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Was your Selmer "airy" and hard to play when you first got it back from the tech last summer? Also, do you trust the tech you took it to? Some techs are better than others. He might have overlooked something. And yes, it could definitely have developed leaks since then. You bought it used. What condition are the pads in? It's possible one or more of them could've given up the ghost, especially if the horn sat in the case for a long time before you got it and started playing it a lot. I would recommend taking it to a good tech and having it gone over. If it gets a clean bill of health and you still don't like the way it plays then, and only then, would I consider trading it. Another question is how new is your friend's Yamaha? If it's new and properly regulated you might not be comparing apples to apples. Not that I have anything against a Custom EX. They're great horns. My tenor is a Custom 875 and I love it. But I have also played some Series II tenors that I thought were great horns as well. My experience is that the Series II and the Custom 875 are very comparable horns. Each has its own character but the differences are rather subtle.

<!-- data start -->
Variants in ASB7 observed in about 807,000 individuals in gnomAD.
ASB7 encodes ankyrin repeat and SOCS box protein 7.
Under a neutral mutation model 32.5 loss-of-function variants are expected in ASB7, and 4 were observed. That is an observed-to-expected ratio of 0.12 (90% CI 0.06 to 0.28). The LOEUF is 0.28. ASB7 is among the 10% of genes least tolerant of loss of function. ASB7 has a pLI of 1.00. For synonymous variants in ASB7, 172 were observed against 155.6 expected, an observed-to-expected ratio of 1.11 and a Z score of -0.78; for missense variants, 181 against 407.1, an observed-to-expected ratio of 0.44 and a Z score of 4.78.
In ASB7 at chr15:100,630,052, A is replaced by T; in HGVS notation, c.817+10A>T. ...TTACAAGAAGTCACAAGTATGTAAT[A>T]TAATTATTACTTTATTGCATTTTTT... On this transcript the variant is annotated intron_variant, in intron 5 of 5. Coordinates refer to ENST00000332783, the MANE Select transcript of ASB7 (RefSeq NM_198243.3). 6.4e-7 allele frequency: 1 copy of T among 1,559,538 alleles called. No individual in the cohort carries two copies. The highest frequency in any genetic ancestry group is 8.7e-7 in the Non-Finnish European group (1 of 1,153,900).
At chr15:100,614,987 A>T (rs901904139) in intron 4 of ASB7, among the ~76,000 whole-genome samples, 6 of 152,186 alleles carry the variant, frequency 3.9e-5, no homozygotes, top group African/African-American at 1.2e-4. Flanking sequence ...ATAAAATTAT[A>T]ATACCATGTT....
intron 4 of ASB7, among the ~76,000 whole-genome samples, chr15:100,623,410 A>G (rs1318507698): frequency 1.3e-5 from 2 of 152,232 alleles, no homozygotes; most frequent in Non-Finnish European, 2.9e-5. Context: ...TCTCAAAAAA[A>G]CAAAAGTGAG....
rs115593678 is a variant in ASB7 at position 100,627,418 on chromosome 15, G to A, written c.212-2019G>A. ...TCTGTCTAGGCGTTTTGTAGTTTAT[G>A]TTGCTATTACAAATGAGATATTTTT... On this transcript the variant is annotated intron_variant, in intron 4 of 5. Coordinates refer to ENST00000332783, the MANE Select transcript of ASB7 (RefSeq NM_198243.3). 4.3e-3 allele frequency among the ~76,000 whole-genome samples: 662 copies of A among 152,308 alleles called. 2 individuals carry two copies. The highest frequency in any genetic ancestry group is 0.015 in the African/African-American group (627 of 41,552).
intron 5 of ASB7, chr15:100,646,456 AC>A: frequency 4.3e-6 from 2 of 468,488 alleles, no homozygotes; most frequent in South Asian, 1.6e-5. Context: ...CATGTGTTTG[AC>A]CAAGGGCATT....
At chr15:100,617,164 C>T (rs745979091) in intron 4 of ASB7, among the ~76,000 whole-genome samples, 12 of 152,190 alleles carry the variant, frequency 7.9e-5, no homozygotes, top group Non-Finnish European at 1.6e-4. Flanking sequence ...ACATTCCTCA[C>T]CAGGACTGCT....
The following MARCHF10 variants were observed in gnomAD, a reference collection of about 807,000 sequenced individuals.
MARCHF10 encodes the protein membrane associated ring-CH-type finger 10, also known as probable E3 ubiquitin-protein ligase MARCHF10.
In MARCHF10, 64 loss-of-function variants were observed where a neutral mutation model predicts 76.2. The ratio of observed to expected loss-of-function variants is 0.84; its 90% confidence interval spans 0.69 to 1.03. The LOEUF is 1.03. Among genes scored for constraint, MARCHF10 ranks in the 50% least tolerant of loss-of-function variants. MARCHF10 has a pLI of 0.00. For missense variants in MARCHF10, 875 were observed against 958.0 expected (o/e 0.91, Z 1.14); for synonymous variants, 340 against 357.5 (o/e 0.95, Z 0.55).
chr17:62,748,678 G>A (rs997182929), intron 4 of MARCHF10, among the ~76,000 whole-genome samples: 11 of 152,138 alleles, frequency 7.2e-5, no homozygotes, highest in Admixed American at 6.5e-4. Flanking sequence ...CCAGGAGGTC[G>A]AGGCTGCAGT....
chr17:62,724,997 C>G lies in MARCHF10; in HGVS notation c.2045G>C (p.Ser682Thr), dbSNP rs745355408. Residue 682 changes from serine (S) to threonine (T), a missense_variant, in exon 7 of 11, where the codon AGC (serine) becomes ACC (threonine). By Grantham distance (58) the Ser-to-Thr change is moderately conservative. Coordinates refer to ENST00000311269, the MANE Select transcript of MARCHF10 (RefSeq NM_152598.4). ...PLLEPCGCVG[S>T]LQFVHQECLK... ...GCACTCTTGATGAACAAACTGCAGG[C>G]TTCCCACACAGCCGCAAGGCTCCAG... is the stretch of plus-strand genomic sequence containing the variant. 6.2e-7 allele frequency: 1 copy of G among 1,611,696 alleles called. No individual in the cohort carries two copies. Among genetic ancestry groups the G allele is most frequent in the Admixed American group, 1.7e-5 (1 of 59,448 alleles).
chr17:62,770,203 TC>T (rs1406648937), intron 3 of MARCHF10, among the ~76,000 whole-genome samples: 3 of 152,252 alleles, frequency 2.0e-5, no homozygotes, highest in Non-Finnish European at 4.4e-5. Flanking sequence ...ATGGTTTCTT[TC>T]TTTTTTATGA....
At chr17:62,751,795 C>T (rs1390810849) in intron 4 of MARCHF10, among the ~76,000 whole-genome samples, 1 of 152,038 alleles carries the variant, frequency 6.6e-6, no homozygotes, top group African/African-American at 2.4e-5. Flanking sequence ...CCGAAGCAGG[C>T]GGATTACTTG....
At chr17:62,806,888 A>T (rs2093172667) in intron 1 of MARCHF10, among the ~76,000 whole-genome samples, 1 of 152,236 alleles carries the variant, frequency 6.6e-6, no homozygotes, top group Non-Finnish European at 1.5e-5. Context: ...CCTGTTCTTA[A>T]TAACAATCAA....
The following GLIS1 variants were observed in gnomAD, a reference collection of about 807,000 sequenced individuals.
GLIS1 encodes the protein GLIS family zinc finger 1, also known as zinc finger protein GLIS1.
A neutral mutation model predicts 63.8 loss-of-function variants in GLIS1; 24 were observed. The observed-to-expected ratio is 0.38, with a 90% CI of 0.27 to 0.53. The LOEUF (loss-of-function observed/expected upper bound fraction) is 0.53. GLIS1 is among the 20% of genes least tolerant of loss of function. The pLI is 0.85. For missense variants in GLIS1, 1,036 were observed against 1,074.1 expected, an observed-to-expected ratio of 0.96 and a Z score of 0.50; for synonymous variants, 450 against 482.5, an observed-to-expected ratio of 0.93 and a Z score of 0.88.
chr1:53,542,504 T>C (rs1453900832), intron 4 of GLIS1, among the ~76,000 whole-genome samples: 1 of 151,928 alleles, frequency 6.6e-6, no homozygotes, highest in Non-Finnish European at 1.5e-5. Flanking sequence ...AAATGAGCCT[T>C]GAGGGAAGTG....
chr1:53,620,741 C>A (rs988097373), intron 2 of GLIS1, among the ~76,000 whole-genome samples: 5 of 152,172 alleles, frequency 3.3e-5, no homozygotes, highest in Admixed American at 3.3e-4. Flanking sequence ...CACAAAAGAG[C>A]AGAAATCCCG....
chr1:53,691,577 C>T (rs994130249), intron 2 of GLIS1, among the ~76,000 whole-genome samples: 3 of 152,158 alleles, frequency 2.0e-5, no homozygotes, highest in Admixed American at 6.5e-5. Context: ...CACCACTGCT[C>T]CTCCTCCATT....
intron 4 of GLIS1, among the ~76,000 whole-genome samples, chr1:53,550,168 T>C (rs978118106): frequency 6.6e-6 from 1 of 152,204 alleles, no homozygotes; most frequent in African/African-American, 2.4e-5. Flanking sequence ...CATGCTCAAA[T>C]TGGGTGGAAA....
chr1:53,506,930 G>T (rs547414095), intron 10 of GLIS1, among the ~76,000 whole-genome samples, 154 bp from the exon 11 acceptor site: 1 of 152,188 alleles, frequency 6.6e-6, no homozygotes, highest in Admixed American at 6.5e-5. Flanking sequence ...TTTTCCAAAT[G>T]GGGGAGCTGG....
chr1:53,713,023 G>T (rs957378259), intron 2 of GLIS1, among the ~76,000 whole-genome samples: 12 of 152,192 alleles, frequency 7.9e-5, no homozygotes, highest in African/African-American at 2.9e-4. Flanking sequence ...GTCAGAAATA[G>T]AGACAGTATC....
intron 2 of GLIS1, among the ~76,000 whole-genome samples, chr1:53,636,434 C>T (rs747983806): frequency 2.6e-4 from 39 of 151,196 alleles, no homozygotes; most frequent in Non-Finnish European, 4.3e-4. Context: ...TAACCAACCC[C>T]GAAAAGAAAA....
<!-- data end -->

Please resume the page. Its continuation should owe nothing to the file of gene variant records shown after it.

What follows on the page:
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Get the leaks out - you've got a great horn.
 

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Several years ago I bought a Selmer Series II tenor and had exactly the same problem as you describe. A very experience tenor player (playing a Mark VI) told me that "weak in the bottom" was a known fact about that model. I then contacted another saxophone player and he told me the same thing. I then tried a Yamaha - and was convinced that they were right.
 

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The only weakness I ever had with my Serie II alto was the right hand side keys were not positioned as accessibly as the Yamaha altos, and the middle C# was a little flat - neither problematic. Also, and of course this could be personal, but I never played a Yamaha that had a "fuller", less "airy" sound than a Selmer - that sort of jumped out at me when I read the OP, and made me wonder if the Selmer doesn't need a good checking out.
 

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More factors are to be looked at here. I believe you have a great horn and shouldn't have to worry about a professional model like this being "weak in the low end." Its made well, and needs to be properly maintained.